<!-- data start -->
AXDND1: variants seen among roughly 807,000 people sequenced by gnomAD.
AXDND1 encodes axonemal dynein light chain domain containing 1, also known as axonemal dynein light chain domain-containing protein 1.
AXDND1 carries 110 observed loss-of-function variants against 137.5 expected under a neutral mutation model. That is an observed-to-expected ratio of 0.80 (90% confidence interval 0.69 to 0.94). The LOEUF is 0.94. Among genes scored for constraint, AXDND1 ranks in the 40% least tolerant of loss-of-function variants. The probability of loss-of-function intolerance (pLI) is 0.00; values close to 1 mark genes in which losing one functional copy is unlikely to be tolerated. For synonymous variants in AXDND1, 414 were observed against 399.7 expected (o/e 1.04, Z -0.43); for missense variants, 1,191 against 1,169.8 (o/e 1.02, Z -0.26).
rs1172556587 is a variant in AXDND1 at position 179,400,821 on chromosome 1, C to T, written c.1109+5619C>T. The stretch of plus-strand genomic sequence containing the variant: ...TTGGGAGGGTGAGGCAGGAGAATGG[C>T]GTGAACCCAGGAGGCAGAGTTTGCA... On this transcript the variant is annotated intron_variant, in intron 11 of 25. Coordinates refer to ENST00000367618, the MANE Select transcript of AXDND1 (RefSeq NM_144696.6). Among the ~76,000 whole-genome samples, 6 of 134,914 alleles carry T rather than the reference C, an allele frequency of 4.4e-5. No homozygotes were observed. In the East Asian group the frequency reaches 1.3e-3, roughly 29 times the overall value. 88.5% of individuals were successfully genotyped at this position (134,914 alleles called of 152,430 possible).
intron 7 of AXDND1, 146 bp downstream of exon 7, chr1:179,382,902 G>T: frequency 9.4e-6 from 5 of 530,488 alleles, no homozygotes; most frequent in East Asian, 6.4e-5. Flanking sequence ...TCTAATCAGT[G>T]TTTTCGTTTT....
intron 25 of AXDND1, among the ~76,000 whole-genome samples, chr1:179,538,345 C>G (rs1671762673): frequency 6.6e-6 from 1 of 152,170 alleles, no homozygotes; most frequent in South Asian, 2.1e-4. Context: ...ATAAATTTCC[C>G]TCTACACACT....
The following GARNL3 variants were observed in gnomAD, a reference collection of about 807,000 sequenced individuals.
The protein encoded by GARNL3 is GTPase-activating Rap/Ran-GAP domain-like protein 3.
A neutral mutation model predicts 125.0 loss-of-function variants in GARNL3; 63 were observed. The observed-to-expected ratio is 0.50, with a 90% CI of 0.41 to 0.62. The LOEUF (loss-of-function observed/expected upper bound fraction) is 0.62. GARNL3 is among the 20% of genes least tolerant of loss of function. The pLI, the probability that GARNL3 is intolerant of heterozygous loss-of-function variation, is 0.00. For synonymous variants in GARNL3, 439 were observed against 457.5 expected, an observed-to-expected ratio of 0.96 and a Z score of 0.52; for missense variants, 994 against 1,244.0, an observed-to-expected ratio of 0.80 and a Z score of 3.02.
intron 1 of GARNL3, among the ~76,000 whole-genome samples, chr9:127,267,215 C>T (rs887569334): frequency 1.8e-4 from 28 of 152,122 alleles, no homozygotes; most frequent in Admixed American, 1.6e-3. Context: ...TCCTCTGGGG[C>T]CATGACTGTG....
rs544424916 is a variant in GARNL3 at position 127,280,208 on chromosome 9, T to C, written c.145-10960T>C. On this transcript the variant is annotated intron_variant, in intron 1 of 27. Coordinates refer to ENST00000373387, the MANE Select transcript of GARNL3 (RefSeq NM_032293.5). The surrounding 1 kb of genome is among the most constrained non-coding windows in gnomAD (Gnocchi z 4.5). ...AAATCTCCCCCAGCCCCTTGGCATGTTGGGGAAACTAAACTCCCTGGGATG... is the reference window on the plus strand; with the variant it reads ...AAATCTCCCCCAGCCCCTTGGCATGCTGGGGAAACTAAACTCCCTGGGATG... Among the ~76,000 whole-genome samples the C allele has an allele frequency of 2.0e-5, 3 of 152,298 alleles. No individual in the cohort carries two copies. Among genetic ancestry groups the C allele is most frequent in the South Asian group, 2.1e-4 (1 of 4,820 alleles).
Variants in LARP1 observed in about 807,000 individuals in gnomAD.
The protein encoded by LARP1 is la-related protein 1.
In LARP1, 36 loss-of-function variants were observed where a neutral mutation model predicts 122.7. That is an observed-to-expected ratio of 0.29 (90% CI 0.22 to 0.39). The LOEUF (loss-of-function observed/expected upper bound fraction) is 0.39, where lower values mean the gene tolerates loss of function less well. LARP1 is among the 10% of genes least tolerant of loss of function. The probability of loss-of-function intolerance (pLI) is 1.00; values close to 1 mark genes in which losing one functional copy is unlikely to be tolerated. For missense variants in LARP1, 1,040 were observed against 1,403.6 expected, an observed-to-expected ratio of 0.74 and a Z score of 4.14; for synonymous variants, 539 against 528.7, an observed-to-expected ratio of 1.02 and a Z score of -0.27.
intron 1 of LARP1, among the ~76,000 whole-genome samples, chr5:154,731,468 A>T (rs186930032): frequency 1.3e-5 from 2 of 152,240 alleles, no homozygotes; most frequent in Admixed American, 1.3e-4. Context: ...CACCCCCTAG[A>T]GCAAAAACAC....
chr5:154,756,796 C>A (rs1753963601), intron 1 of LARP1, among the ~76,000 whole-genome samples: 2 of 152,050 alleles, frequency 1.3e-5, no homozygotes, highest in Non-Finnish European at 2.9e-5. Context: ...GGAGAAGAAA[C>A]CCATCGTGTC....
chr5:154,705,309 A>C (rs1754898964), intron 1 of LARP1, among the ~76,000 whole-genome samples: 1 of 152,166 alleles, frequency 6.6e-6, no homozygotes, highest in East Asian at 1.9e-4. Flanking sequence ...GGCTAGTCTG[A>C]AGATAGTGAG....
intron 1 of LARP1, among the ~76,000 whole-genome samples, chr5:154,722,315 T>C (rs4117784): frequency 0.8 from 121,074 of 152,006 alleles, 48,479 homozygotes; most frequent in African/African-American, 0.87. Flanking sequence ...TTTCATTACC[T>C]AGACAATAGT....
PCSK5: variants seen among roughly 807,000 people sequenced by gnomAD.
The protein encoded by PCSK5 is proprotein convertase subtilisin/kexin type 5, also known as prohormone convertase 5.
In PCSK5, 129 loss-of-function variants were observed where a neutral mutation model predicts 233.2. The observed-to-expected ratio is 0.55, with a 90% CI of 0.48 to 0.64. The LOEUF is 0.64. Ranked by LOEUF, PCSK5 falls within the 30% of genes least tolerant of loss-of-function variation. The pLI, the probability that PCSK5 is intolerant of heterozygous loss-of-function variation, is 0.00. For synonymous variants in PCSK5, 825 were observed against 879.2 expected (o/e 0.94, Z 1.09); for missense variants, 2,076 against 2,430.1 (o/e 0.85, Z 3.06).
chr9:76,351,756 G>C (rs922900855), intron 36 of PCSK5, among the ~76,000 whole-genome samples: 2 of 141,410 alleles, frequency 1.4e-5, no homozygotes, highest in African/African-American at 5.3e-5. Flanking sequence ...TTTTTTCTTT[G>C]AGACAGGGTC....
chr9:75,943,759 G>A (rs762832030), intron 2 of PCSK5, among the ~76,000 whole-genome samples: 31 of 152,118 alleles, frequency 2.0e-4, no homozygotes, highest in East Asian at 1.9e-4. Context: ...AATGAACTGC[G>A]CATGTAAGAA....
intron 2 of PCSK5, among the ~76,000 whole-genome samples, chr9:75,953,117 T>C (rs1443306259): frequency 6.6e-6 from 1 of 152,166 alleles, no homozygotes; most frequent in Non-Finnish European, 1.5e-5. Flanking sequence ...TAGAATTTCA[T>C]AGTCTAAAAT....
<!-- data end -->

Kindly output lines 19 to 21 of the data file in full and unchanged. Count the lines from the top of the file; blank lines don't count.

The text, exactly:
PCSK5: variants seen among roughly 807,000 people sequenced by gnomAD.
The protein encoded by PCSK5 is proprotein convertase subtilisin/kexin type 5, also known as prohormone convertase 5.
In PCSK5, 129 loss-of-function variants were observed where a neutral mutation model predicts 233.2. The observed-to-expected ratio is 0.55, with a 90% CI of 0.48 to 0.64. The LOEUF is 0.64. Ranked by LOEUF, PCSK5 falls within the 30% of genes least tolerant of loss-of-function variation. The pLI, the probability that PCSK5 is intolerant of heterozygous loss-of-function variation, is 0.00. For synonymous variants in PCSK5, 825 were observed against 879.2 expected (o/e 0.94, Z 1.09); for missense variants, 2,076 against 2,430.1 (o/e 0.85, Z 3.06).